But they just might, whether they like it or not. Shalit says the choir has been asked to record the official Coca-Cola song for the brand's Christmas advert, to be shown in 14 countries worldwide. They have just sung on TV's The One Show and made a memorable appearance at the Invictus Games Closing Ceremony in Australia. In London, they will be playing a headline concert at Union Chapel on 28th November, followed by gigs in America, Holland and Germany in December. Then there's an 18-date UK tour starting in April 2019 and an American tour planned for September 2019.
It's all part of Savill's plan for "getting them in front of people and visible on every platform." He continued, "It's a phenomenal TV plot. And the moment people see them perform, that's when it happens."
"The demand is ceaseless. Every day we're getting requests from all over the world. Everyone who's having a personal family event," said Shalit, who also said invitations have included a forthcoming "family celebration for a global rock star."
The choice of producer for the 'Stand By Me' album was somewhat surprising. Jon Cohen, who has previously been nominated for the Classical Brit Awards and has scored three films, was given the task. Also, the choice of songs is unusual for a gospel choir. Alongside hymn favourites like "Amazing Grace" and "Hark! The Herald Angels Sing", there are renditions of Beyoncé's "Halo" and Coldplay's "Fix You". It's certainly a long way from the original EP the choir were planning. Gibson told Music Week, "We were going to do originals [one of which, 'Chases', is on the new album]. But even the covers we've done are infused with the same spirit and joy in our faith."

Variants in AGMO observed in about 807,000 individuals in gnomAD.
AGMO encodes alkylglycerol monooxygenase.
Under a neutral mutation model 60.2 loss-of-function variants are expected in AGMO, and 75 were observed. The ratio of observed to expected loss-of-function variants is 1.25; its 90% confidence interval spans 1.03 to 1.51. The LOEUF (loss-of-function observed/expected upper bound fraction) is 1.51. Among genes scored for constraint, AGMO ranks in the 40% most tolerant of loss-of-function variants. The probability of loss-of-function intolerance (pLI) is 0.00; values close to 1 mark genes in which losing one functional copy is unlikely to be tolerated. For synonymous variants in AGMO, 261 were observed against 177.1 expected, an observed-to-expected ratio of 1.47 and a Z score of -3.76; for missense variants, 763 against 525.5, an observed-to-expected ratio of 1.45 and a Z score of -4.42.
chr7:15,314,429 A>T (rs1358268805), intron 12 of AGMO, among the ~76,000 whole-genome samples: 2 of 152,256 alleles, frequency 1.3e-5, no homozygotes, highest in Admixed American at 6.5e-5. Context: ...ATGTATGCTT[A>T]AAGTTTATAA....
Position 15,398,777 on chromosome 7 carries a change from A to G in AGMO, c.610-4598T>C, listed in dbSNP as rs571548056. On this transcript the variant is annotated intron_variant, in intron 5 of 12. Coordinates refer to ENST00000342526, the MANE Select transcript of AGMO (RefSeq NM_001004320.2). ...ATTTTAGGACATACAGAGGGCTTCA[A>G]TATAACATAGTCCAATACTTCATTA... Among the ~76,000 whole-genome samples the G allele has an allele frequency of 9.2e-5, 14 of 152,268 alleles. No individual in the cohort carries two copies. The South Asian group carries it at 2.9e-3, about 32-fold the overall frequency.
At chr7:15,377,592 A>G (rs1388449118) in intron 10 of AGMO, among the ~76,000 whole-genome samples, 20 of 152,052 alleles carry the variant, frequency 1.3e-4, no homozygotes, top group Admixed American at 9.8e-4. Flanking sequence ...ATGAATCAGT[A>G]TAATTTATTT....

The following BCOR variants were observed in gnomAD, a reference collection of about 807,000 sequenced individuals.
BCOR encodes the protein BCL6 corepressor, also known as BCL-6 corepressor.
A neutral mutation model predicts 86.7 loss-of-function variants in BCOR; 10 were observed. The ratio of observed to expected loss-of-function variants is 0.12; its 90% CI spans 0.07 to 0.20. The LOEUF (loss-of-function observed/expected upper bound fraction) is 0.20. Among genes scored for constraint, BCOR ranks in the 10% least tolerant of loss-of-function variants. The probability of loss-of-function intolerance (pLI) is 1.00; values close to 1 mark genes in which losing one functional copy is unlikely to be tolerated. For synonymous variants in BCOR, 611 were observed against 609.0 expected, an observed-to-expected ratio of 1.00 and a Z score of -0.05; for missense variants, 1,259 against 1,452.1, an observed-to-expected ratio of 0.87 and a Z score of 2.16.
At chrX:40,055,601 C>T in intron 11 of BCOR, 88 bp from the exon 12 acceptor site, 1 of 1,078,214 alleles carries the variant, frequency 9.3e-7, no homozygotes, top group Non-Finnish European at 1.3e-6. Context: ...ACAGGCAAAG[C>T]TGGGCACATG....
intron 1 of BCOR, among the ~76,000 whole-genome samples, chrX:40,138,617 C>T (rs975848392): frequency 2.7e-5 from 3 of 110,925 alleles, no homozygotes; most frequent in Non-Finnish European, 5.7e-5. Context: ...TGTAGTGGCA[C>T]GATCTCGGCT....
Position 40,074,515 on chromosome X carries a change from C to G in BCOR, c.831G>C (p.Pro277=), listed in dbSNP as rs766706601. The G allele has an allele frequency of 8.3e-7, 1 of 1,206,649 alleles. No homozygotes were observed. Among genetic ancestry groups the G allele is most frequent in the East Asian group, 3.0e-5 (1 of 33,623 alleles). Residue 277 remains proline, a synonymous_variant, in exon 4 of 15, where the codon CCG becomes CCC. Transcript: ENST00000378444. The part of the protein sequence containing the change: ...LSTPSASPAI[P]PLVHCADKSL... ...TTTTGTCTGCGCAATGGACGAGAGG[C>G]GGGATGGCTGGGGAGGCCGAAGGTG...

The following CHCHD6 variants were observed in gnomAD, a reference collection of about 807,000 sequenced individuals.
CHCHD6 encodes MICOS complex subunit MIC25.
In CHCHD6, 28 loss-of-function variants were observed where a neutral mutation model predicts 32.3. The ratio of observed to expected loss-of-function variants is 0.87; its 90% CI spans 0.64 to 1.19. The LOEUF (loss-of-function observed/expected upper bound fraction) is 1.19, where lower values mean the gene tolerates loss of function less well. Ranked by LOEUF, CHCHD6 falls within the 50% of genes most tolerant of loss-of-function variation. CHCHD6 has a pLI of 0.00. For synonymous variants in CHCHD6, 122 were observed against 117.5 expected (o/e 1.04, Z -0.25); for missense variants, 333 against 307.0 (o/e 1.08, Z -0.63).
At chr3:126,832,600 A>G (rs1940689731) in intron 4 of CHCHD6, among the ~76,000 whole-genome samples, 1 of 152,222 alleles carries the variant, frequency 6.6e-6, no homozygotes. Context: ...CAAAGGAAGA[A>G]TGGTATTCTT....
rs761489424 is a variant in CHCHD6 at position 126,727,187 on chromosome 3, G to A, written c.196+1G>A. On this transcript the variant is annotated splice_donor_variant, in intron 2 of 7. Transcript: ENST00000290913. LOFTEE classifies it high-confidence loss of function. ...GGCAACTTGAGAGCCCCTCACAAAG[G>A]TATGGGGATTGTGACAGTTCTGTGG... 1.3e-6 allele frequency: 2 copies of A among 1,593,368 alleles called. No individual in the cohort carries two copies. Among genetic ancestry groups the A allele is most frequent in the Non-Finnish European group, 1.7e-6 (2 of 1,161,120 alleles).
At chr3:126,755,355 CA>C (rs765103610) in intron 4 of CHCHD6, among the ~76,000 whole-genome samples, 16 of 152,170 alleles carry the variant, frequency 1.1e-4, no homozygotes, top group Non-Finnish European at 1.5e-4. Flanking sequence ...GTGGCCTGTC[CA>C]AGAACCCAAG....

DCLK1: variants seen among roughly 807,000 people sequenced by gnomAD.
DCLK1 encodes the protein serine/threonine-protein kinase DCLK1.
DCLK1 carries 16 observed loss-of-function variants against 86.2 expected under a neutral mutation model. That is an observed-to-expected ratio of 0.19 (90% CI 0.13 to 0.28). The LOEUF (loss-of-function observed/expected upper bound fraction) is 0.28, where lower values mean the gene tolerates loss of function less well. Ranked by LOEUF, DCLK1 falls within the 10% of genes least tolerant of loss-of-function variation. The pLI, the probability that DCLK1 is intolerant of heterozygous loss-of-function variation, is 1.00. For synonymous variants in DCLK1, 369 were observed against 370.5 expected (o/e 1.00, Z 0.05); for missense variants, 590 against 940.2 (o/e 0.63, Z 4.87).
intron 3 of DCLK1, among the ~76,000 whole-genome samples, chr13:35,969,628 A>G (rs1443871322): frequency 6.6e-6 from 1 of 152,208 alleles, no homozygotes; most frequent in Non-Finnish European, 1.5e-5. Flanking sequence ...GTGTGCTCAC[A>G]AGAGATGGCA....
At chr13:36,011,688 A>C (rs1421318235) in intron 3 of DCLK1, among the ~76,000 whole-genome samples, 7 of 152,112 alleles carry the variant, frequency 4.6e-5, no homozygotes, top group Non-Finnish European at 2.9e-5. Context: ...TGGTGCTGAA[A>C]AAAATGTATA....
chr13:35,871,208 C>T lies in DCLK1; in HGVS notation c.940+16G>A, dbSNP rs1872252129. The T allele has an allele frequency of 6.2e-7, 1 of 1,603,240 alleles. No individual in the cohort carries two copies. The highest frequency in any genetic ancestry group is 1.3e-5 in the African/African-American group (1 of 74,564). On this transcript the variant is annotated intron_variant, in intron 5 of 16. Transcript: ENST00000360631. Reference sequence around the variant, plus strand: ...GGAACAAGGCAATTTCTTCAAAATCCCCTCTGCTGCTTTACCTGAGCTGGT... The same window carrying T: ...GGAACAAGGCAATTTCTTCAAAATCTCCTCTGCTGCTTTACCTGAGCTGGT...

Another semi-spiritual pop song on the album is John Farnham's 1986 hit. "You're The Voice" was suggested to tie in with the choir's appearance at the Invictus Games. "Our manager suggested a big Australian anthem, so I had to do an arrangement of that," Gibson explained. "I sent it through and it proved popular so it went on the album. There's a lot of love and hope on the album and we're really happy with how that comes across."
Shalit told Music Week, "The choir has a relevance which is so right for now. It's the antidote to the unpleasantness we're experiencing. At difficult times people look for security."
Gibson is very aware that tours and overseas concerts are going to be a big challenge for the choir. "We're all at different stages," she said. "Some of us are fresh out of university, some of us have small children, some of us have solo careers so it's about juggling this and working out how to do it best for all of us." It can be hard work herding 20 people with jobs, families and other priorities around the world. But, "People are making themselves very available," said Gibson. "We're all very agreeable! Of course, not everyone can do everything and we're managing all this. We have a leadership team but things are worked out very amicably. All of us have such a strong connection that it wouldn't work otherwise."
Music industry veteran Shalit had the last word in the Music Week article. "Working with Karen and the choir has been one of the most enjoyable, mind-changing experiences of my life," he said. "When you listen to the album you will experience something quite remarkable."The opinions expressed in this article are not necessarily those held by Cross Rhythms. Any expressed views were accurate at the time of publishing but may or may not reflect the views of the individuals concerned at a later date.